From New England to the South and West, floods are capturing more and more headlines across America. Similarly, Europe has seen some of its worst flooding in centuries over the last few years. It’s obvious that floods are a problem we all need to understand better as climate change continues to play out.
Moving forward, we’ll explore…
- The three main kinds of floods
- The factors that cause each type of flood
- Measures government agencies & citizens can take to minimize flood risks
What is a Flood?
Broadly speaking, a flood is a natural disaster in which water submerges land that is typically dry. Floods can injure people, take lives, destroy property, damage infrastructure, and affect the spread of diseases.
Unlike other natural disasters (like earthquakes, hurricanes, or tornadoes), flood risk is not localized to any specific geographic region or climate zone. That means a flood can occur anywhere on earth – yes, even in the desert.
According to the World Health Organization, there are three main types of floods:
- Flash floods
- Coastal floods
- River floods
As their name implies, flash floods are known for developing incredibly quickly. Flash floods can present as sudden deep water over a generalized area or a fast-moving wall of water in a more localized area.
What Causes a flash flood?
A flash flood most commonly occurs when powerful, slow-moving thunderstorms overwhelms the ground’s ability to absorb water. Catastrophic dam failures and thawing ice jams can also cause flash floods, but rain is the most common cause.
Flash floods can also occur in surprisingly dry places, like the desert or areas experiencing drought. That’s because when the ground becomes dry and hard, it doesn’t absorb water effectively.
When a powerful thunderstorm dumps rain onto that kind of soil, the water puddles and runs rather than seeping into the earth. As that water coalesces and seeks drainage, it can create a temporary rushing river capable of sweeping away people and property.
How to combat flash flooding
Flash flood conditions are reasonably predictable as long as the right authorities have access to reliable weather forecasts and a good understanding of the moisture and density of soil in the area. By monitoring incoming rainfall and current soil conditions, local land management agencies can calculate a flood risk rating for any given day, enabling good communication with the public and supporting response as needed.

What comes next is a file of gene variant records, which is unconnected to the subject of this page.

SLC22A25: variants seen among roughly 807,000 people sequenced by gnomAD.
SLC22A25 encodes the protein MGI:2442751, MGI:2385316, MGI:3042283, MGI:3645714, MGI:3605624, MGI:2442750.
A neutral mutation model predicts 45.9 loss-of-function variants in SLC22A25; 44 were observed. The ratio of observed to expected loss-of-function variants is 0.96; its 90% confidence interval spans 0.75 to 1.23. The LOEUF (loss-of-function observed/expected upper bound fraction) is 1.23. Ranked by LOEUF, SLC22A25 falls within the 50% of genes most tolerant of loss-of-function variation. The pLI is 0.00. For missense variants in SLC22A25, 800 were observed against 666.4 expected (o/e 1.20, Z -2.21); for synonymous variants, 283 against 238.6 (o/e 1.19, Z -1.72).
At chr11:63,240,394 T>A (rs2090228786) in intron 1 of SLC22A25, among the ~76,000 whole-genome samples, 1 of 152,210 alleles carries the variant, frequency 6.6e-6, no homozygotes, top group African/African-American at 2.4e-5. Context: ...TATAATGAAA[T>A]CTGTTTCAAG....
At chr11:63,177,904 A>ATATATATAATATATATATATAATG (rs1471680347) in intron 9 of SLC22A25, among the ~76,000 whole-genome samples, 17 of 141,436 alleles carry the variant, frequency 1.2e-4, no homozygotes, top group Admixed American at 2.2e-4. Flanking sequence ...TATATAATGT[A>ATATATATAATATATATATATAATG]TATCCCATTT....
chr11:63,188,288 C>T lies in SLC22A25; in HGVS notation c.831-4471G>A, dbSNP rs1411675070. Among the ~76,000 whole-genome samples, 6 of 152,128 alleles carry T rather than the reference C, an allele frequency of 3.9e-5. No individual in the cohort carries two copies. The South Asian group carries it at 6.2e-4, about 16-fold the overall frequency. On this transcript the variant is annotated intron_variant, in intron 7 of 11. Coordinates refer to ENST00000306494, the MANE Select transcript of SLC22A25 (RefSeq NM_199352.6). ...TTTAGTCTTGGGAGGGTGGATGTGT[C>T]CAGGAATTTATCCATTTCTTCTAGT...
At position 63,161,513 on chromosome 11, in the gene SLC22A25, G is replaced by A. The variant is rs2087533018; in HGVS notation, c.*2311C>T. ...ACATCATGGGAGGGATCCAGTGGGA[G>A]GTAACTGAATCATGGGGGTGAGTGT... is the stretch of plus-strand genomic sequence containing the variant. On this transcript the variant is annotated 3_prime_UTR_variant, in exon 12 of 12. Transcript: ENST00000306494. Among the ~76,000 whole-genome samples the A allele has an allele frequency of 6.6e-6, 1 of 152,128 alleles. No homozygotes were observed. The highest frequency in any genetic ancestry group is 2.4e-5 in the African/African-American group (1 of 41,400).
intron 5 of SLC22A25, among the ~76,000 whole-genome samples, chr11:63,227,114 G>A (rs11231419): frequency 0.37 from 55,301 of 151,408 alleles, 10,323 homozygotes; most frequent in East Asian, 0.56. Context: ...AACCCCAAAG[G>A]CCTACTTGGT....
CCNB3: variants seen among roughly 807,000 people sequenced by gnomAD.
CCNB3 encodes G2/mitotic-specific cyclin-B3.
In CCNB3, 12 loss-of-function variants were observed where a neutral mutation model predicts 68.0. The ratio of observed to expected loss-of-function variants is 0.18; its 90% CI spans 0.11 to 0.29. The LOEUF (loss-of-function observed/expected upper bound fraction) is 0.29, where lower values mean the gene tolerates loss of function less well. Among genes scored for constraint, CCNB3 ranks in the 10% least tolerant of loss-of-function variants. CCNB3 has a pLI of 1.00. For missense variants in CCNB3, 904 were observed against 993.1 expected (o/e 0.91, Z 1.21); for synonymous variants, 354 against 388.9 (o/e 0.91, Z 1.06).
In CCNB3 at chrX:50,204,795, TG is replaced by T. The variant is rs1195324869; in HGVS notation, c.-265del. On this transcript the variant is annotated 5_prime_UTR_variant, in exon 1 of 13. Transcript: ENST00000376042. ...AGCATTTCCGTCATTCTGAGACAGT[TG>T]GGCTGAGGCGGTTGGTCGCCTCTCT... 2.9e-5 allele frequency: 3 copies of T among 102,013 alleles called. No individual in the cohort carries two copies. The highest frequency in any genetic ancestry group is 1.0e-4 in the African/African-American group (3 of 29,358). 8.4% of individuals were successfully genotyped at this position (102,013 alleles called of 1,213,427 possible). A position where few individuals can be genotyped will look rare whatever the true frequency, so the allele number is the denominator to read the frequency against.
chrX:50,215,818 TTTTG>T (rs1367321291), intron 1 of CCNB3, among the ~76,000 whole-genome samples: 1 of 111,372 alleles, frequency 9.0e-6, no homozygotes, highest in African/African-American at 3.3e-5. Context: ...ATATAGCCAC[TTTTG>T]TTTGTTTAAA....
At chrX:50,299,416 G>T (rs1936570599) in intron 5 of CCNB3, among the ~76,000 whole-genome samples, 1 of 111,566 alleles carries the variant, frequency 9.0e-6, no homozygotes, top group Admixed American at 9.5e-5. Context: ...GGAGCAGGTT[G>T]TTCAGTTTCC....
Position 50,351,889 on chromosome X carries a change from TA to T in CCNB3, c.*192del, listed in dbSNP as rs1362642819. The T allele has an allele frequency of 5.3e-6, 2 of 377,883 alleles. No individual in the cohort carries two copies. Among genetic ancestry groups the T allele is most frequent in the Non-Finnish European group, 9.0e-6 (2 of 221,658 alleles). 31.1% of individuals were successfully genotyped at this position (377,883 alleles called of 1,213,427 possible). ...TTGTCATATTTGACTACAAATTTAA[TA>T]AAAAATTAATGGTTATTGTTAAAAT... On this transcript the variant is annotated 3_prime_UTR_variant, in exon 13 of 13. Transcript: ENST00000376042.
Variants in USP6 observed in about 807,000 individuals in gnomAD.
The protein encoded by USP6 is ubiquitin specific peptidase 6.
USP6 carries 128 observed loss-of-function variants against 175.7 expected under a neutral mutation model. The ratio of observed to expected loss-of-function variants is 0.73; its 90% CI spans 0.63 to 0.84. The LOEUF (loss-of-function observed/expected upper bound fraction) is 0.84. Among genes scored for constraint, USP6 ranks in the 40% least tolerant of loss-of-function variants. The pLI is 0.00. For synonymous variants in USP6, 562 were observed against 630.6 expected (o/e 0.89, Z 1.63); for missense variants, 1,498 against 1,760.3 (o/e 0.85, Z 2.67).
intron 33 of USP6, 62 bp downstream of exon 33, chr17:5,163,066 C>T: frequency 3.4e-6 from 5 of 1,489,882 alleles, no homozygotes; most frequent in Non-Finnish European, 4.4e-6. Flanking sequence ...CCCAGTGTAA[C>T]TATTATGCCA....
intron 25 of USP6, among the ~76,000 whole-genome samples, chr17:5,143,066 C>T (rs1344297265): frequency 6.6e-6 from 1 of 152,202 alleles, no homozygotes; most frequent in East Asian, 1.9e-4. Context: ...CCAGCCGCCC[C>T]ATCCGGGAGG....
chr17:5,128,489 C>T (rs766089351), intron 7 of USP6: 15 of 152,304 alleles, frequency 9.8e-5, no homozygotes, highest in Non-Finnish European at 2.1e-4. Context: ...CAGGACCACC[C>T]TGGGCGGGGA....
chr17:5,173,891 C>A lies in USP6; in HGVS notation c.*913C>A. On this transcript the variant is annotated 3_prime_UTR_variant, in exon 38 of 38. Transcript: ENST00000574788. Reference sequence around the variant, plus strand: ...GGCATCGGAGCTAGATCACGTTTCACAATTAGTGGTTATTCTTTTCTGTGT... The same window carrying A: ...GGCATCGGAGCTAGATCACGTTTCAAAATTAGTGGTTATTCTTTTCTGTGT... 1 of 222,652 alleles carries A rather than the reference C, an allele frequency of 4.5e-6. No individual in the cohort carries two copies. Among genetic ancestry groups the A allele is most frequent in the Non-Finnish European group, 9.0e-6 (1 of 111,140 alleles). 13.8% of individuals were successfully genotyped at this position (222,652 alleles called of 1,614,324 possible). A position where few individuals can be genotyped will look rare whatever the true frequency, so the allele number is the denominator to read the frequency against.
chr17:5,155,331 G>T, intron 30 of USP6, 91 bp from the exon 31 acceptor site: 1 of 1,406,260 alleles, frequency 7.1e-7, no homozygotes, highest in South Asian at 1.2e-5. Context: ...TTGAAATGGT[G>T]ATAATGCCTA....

In areas near (especially below) dams, good maintenance and high operational standards within the dam itself are key to keeping communities safe. By constantly monitoring rainfall and water levels above, below, and in the dam as well as incoming weather, dam personnel can make adjustments as needed to ensure a safe flow.
Before the flood starts, local municipalities and public safety agencies can alert communities and use remotely activated signage and gates to alert drivers to the potential threat or current conditions and prevent them from driving into the most dangerous areas.
Coastal flooding can occur anywhere the land meets a large body of water, whether it’s an ocean, a sea, a bay, or a lake.
Flooding in coastal regions is especially threatening because 40% of the global population lives within 100 kilometers of the coast. Here in the United States, the coastal population has consistently grown in every region of the country since 1980, according to the National Oceanic and Atmospheric Administration (NOAA). That means more people and property are at risk.
What causes a coastal flood?
Strong winds, like those found in hurricanes and cyclones, can stir up the ocean and massively increase the volume of the tides that reach and strike the shore. This is known as storm surge. During storm surge, coastal roads, beaches, and communities can become unsafe quickly.